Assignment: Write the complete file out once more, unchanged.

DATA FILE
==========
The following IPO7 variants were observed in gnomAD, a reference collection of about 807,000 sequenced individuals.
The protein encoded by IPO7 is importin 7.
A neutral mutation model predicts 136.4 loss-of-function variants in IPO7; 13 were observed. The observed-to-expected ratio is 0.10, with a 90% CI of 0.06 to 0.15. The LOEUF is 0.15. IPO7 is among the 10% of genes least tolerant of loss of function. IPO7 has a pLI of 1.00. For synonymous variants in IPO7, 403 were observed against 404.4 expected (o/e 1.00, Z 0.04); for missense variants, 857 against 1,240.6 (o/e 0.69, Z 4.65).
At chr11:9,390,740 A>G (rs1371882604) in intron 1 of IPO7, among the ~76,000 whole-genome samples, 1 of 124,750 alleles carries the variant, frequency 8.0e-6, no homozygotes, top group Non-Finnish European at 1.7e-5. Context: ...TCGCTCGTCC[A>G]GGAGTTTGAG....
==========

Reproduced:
The following IPO7 variants were observed in gnomAD, a reference collection of about 807,000 sequenced individuals.
The protein encoded by IPO7 is importin 7.
A neutral mutation model predicts 136.4 loss-of-function variants in IPO7; 13 were observed. The observed-to-expected ratio is 0.10, with a 90% CI of 0.06 to 0.15. The LOEUF is 0.15. IPO7 is among the 10% of genes least tolerant of loss of function. IPO7 has a pLI of 1.00. For synonymous variants in IPO7, 403 were observed against 404.4 expected (o/e 1.00, Z 0.04); for missense variants, 857 against 1,240.6 (o/e 0.69, Z 4.65).
At chr11:9,390,740 A>G (rs1371882604) in intron 1 of IPO7, among the ~76,000 whole-genome samples, 1 of 124,750 alleles carries the variant, frequency 8.0e-6, no homozygotes, top group Non-Finnish European at 1.7e-5. Context: ...TCGCTCGTCC[A>G]GGAGTTTGAG....